Saturday, May 7, 2011
222. Did the Founders Believe U.S. Will Decline?
In the posting, "American Power after bin Laden," at CNN on May 6, 2011 you will find the following statement from Dr. Joseph S. Nye , "The Founding Fathers worried about comparisons to the decline of the Roman republic." I think that Professor Nye stretched a little bit too much in order to find foundation for supporting his cultural pessimism. Actually, the founders were very confident when they made the new nation. Do you believe that the founders wanted to build a nation where they were unsure of its stability?
On September 1787 at the signing of the United States Constitution, looking towards George Washington’s chair, at the back of which a rising sun happened to be painted, Benjamin Franklin made the following speech, “I have often and often in the course of the Session, and the vicissitudes of my hopes and fears as to its issue, looked at that behind the President without being able to tell whether it was rising or setting: But now at length I have the happiness to know that it is a rising and not a setting Sun.” Journal of the Constitutional Convention (17 September 1787) Franklin's above statement demonstrates that the founding fathers' confidence for the future of the United States.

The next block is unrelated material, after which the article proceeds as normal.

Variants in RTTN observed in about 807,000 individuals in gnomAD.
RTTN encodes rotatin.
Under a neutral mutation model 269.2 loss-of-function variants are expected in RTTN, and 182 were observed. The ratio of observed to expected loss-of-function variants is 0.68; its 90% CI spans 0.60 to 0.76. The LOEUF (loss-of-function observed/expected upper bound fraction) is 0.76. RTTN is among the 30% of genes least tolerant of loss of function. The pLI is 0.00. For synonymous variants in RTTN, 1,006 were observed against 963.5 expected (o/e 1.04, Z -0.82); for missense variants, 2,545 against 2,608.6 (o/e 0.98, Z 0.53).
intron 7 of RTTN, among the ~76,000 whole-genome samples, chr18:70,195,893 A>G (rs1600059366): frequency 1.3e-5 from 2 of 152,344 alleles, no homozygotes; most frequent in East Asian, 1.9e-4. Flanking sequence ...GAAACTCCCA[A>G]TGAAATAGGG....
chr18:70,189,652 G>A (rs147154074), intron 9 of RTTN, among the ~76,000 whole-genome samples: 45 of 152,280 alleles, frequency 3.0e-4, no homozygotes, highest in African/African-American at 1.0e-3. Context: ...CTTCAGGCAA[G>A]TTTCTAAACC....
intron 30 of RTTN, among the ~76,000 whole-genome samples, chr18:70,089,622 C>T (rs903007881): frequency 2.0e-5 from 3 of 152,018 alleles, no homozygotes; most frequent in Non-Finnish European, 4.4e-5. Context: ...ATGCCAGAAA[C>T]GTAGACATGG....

The task the founders faced was not easy. The British Empire used all its ingenuity to nip at the fledgling republic. However, the economic disorder created by the British blockades didn’t stop the founders’ determination to build the new nation into a beacon for the rest of the world. The founders decided to open trade with China as soon as the Treaty of Paris was signed in 1783. President Ronald Reagan expressed his apreciation on April 27, 1984, for China's help to bring US to world commerce. He told his audience, "Back in 1784, when the first American trading ship, the Empress of China, entered your waters, my country was unknown to you. We were a new republic, eager to win a place in international commerce." (Ronald Reagan, Remarks to Chinese Community Leaders in Beijing, China, April 27, 1984). Reagan demonstrated that he was great president by showing his appreciation to the friend who helped the US in its most difficult time. The trade with China helped the United States overcome the economic difficult during its formative age.